A warm, close community – ONSEN
Japanese people have long enjoyed hot springs, or “onsen” with friends, family, and lovers. From daily bathing to special occasions, onsen culture is an important part of our lives. There is even a law concerning hot springs, which particularly defines “onsen” as water that gushes out of the ground at a temperature of 25 degrees Celsius or higher, or containing a certain amount of natural minerals.
Surrounded by high mountains, Nagano Prefecture’s winters are both bitterly cold with ample snowfall, and the snow that accumulates in the mountains becomes groundwater over a long period of time, providing nourishment to people’s lives. One such example is the hot springs that erupt from the heated groundwater. The quality of the hot springs is also diverse due to the world-class fault lines that run through the prefecture and the distribution of old and new volcanoes throughout Nagano. Also known as the “Hot Spring Kingdom”, there are more than 200 hot spring resorts in Nagano Prefecture and the number of public bathhouses using hot springs is more than 700, ranking first in Japan. In Nagano Prefecture, soaking in hot springs has taken root as a custom to begin or end a fruitful day. For example, in the Kami-Suwa and Shimo-Suwa hot springs located in the central part of the prefecture, individual households can sign a certain contract to draw hot spring water to their homes straight from the source.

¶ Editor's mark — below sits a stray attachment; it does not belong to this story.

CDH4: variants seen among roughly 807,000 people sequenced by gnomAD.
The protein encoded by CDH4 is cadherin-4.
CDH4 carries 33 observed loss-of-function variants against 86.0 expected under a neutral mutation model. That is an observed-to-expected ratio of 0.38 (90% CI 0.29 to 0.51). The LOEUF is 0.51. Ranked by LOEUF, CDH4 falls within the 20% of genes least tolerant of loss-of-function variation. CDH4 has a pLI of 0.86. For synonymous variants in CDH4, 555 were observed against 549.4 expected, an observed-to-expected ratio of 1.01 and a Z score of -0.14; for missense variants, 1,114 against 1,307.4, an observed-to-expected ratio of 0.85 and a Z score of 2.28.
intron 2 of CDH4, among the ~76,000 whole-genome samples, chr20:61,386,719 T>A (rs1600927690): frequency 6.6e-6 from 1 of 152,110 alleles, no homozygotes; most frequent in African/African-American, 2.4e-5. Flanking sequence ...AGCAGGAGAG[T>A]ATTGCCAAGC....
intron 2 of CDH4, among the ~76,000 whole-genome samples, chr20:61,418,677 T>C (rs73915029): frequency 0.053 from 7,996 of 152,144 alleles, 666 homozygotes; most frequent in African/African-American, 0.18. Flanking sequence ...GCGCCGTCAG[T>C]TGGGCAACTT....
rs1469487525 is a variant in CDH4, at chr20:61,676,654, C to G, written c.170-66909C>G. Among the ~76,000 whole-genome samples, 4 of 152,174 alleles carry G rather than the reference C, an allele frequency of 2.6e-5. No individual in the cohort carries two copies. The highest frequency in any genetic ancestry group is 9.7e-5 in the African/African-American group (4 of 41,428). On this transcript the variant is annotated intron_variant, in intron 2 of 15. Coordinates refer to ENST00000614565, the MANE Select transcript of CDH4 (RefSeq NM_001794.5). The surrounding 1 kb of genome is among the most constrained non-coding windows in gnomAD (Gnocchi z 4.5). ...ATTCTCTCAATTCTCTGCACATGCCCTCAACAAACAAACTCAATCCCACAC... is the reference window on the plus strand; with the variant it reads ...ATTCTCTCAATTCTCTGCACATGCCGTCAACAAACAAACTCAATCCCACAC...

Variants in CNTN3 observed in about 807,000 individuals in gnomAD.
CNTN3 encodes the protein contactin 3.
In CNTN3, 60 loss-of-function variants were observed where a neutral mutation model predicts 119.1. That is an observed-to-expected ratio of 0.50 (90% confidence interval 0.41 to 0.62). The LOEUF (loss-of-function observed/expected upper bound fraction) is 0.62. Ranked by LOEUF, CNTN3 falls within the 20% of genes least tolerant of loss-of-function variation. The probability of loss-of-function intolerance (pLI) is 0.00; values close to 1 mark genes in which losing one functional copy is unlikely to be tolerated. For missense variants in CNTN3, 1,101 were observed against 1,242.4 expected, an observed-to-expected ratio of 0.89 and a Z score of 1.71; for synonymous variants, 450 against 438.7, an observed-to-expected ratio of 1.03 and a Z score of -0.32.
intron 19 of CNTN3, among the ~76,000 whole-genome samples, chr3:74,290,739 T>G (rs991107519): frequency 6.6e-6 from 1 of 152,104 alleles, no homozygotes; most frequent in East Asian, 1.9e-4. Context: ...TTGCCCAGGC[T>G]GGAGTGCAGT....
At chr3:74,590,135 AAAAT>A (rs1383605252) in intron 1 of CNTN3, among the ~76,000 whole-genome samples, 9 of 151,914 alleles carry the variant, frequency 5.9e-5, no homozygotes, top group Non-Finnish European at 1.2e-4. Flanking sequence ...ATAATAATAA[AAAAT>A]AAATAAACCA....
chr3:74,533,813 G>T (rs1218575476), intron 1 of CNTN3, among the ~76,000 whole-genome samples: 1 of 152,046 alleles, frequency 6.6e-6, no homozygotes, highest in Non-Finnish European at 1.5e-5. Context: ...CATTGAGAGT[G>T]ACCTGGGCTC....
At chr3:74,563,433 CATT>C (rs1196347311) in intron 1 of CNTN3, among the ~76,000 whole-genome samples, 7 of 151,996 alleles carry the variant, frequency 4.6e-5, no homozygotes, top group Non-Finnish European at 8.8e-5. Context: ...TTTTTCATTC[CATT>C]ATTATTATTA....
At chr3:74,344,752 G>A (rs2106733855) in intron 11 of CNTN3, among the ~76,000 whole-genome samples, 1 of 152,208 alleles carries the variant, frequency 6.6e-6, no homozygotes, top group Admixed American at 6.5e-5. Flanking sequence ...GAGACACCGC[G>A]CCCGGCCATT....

Living and Cooking: Nagano’s Hot Springs Culture Rooted in Everyday Life
In “Nozawa Onsen” located in the northern part of the prefecture, there is a hot spring pool known as “Ogama” where spring water gushes out. The spring water is a slightly alkaline, sulfur spring with a temperature of around 90 degrees Celsius. Local people use the “Ogama” as a place to boil vegetables and eggs, and it can be called the “kitchen of Nozawa Onsen”. Onsen eggs are a traditional specialty served at inns around the hot spring area. Often served with soy sauce, the egg yolk is soft and fluid and may be swallowed whole. When enjoying onsen in Japan, why not try some onsen tamago? Onsen have been enriching people’s minds and bodies since ancient times, but in the middle of the 20th century, the source of the springs began to run dry for a time due to over-exploitation. For this reason, efforts were made early on to protect onsen, a precious natural resource essential in daily life, and to ensure the proper use of Nagano Prefecture’s onsen, rich in spring water quality. When there are no hot springs close by, people often travel to visit hot springs, which can be a “special” and “extraordinary” experience. For Nagano Prefecture, onsen are an integral part of the everyday life, and they help to form local communities with a shared experience of soaking in hot water, relaxing, and indulging in a calm moment. Perhaps the slow and tranquil flow of time people experience in Nagano Prefecture comes from the healing power of the hot springs and the importance placed on ourselves and each other.
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